Joby Talbot has had a busy year. Having left his post as a member and string arranger for The Divine Comedy, Neil Hannon’s arch pop classicists, several years ago, Talbot has been busy on a vast array of projects. This year alone he’s scored four film soundtracks, and has worked in New York, Hungary and Los Angeles. For the big screen he’s scored themes for The Hitchhiker’s Guide To the Galaxy and League Of Gentlemen Apocalypse, and continues to work with Wayne McGregor at the Royal Opera House.
With much of this year’s Edinburgh International Festival programme consistently mixing and matching art-forms, its fitting that such a renaissance man as Talbot should be one of four composers scoring pieces for Optical Identity, Theatre Cryptic’s collaboration with Singapore’s T’Ang Quartet. Alongside works by Kevin Volans, Franghiz Ali-Zadeh and Rolf Wallin, Talbot’s piece, Manual Override, is the only new commission for a piece of music theatre which explores synaesthesia, the relationship between visual and aural stimuli.
“As somebody who grew up playing in bands as well as playing classical music,” Talbot observes, “I’ve always railed against the rather boring way in which classical music is presented. I had a long time o think about this when I played a concert of the Domineo once. As my heart almost stopped from boredom and I nearly sank into a comma, I just thought, there’s got to be a way that you can present music in the concert hall in a way that can engage on something other than just a sonic level. It’s the most obvious thing in the world from playing in bands that people pay their money and they expect some kind of light show and some kind of dialogue to go on between the audience and performers, and that it will be some kind of event that’ll take them out of their every-day lives, does something with their heads and take them out the other side. I’ve always tried that with my own group, and found that people really get off on that, and the sort of visual worlds Theatre Cryptic created with Gavin Bryars were absolutely beautiful and exactly the sort of thing I’d been banging on about. So it was all very fortuitous.”
The Cryptic collaboration came about after an un-named Scottish composer was forced to drop out of the project, and Talbot’s publisher suggested Talbot’s name to Cryptic producer and director Cathie Boyd. Boyd had heard Motion Detector, a piece by Talbot involving sampled lutes. Talbot expanded on the idea for Manual Over-ride. As one of a younger generation of contemporary composers whose work straddles the pop mainstream as well as film and theatre soundtracks while retaining an integrity with their stand-alone output. It could be argued that it was Michael Nyman who set the template for this, and there are resemblances in Talbot’s work.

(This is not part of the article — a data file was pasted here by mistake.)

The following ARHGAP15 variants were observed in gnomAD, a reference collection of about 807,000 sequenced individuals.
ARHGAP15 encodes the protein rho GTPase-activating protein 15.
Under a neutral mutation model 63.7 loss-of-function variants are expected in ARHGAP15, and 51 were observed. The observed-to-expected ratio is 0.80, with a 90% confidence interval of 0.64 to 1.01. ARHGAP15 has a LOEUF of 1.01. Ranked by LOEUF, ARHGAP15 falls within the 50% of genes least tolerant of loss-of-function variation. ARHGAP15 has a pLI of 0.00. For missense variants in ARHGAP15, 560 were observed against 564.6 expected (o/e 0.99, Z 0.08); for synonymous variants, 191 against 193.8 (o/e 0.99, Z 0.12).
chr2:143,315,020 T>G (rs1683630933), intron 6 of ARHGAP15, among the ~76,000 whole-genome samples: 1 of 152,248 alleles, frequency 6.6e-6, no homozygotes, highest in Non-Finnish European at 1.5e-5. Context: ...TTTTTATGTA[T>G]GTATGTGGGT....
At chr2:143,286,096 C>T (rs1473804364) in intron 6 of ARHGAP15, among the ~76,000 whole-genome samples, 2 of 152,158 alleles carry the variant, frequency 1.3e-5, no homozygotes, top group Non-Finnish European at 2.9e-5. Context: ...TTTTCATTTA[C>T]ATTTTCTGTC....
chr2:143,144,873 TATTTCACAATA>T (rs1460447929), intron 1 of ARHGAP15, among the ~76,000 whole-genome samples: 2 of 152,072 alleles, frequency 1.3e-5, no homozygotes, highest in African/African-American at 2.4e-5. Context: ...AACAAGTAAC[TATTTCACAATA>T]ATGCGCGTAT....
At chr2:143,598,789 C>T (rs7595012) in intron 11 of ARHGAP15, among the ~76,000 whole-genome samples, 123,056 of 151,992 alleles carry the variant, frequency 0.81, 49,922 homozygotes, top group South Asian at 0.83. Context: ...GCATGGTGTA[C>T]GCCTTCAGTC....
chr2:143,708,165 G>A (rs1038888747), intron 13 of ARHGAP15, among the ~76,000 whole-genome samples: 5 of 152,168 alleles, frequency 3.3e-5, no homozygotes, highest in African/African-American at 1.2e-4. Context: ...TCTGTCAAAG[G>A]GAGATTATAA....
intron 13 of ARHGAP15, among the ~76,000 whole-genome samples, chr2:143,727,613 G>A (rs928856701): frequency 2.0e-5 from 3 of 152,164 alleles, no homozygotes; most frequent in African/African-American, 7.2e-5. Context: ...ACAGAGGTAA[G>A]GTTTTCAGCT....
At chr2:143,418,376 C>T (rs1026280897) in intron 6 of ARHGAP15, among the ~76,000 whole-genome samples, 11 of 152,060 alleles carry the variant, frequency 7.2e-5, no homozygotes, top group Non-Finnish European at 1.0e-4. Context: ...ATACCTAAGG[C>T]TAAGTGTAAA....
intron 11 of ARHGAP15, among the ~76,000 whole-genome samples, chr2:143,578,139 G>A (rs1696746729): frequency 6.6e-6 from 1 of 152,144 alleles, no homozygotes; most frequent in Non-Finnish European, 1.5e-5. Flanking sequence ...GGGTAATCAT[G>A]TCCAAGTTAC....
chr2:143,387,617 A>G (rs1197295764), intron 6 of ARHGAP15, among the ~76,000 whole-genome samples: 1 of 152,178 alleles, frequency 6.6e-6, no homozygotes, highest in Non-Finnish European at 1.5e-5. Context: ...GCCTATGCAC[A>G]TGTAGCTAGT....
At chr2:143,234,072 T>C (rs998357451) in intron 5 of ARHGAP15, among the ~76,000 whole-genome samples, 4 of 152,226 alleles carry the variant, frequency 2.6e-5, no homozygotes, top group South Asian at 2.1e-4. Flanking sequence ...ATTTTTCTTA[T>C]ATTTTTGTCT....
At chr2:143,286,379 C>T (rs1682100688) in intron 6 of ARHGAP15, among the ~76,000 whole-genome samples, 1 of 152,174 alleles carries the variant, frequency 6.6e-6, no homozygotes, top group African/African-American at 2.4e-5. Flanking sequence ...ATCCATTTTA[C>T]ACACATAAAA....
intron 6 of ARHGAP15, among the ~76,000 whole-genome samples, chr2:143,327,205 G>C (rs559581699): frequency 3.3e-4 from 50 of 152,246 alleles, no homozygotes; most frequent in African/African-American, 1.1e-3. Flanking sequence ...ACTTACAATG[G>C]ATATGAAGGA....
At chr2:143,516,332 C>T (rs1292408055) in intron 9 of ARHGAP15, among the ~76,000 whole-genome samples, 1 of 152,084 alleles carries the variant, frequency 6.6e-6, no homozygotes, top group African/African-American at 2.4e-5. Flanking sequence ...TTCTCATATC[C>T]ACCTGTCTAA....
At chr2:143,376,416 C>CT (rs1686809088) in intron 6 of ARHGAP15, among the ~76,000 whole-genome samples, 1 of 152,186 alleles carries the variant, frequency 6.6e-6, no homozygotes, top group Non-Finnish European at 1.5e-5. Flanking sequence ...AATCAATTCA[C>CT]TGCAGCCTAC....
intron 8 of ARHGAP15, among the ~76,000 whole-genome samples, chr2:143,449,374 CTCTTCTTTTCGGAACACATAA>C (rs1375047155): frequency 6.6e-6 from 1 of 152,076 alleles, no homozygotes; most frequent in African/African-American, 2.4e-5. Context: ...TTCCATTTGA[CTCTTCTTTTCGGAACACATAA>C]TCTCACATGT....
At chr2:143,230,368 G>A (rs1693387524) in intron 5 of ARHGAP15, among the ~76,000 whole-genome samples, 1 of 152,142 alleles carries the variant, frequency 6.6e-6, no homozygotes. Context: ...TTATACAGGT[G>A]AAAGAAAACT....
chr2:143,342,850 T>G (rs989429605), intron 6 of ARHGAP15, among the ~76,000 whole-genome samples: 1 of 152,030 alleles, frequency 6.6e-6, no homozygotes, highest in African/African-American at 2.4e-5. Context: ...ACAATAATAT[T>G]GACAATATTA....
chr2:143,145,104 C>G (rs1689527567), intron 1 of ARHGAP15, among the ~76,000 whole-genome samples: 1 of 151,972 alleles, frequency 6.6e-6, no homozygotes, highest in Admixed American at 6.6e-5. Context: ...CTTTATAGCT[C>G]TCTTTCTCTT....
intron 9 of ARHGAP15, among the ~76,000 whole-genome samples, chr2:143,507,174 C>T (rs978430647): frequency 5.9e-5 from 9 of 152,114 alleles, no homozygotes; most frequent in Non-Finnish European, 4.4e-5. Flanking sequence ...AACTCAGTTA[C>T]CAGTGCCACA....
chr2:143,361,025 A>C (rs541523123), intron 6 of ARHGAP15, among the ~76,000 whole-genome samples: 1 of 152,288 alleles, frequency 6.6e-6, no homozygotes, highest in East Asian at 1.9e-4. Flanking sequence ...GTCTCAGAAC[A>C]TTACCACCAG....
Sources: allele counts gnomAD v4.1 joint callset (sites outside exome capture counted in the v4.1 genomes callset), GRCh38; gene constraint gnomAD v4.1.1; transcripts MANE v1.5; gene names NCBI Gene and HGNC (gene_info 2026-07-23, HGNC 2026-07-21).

“A lot of classical music has suffered by being part of a museum culture,” Talbot says. “I started writing music pretty much as soon as I started playing. That seemed completely natural, but it’s shocking just how little music by living composers is actually heard. It’s only been that way in the last 50 years or so, and it isn’t natural. If you were living in Haydn’s time and you wanted to hear some music, you’d go to church and hear a mass that had been written the week before. Now you can buy Mozart CDs, while the new stuff gets ignored.”
Born in Wimbledon, Talbot studied composition at the Guildhall of Music and Drama, and first met Neil Hannon in 1993. Dividing his time between the Divine Comedy and his own projects, Talbot formed his own ensemble, Billiardman. In 2004, Talbot’s first Proms commission, Sneaker Wave, premiered at the Royal Albert Hall and Classic FM appointed him as Composer in Residence. An album, Once Around the Sun, grew out of this, and a year later he premiered Path of Miracles, a major choral work for Nigel Short's Tenebrae. Later this year Talbot will debut a new electronic score for Wayne McGregor's new work, Genus, and will become composer in residence for Australian Youth Orchestra. If Talbot wasn’t in the major league before, he certainly is now.
Of the T’Ang Quartet, Talbot likens them to the Kronos Quartet, the similarly styled ensemble who are global stars of the contemporary classical world.
“They constantly try out new ways of working and attempt to re-define what a string quartet can become,” according to Talbot. “They play with the idea of a string quartet being the rock band of its day. That’s everything that Optical Identity’s about as well. Instead of just having four chairs on a stage, the musicians are moving about in especially designed costumes. There’s lighting used, film sequences, everything arranged to make it more interesting as an event. Every angle is covered, and each piece of music blends seamlessly into the next, so it becomes some kind of profound journey. If you strip everything away it’s actually a pretty hardcore classical concert, but presented in this way lends it a context which will give people a far more rewarding and exciting experience.”
Optical Identity, Royal Lyceum Theatre, August 31-September 1
The Herald - August 28th 2007